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Abstract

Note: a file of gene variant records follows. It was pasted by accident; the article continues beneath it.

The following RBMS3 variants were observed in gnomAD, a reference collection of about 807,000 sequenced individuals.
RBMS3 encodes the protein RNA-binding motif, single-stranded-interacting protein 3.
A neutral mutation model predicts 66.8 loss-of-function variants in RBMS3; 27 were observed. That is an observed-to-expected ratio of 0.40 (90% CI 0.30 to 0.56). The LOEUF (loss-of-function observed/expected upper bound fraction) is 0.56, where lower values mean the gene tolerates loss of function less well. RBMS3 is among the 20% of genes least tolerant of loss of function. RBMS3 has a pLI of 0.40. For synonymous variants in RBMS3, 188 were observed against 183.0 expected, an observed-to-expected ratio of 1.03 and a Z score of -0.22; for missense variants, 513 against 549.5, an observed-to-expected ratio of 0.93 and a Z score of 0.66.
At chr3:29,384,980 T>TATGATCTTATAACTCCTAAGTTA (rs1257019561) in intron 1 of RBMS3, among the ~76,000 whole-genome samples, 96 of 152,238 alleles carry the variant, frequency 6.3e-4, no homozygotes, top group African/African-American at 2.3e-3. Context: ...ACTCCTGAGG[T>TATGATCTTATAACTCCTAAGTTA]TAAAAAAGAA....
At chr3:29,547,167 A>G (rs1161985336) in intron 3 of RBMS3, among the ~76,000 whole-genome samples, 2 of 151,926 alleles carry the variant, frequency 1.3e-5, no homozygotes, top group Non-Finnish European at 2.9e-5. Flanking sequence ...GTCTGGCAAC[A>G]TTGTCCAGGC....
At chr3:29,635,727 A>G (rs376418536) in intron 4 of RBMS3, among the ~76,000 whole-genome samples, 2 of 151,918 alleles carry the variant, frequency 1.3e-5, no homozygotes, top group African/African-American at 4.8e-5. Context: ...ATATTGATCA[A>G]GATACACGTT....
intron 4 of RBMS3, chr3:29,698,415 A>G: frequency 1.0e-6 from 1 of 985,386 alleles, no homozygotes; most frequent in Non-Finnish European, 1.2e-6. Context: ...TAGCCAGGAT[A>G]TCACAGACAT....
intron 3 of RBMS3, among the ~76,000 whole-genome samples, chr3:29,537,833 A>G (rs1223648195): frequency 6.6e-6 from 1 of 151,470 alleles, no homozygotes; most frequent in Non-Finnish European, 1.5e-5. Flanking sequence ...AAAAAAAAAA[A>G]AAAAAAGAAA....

The study assessed the characteristics and practices of small livestock producers, emphasizing production and processing. Data were obtained from a convenience sample of 121 small producers from South Central Alabama, and analyzed using descriptive statistics, including chisquare tests. The socioeconomic factors showed most were part-time farmers; middle-aged producers; producers with at most a two-year/technical degree or some college education, and producers with $40,000 or less annual household income. A majority practiced rotational grazing, fed a combination of forage (direct from pasture), hay and concentrate, and about half conducted soil tests regularly. Furthermore, many had goats with parasite problems that were treated these primarily with anthelmintics; most sold live animals. The chi-square tests showed that farming status, gender, race/ethnicity, education, and household income had statistically significant relationships with production and processing characteristics. Socioeconomic factors should be considered in programs assisting producers in the study area.

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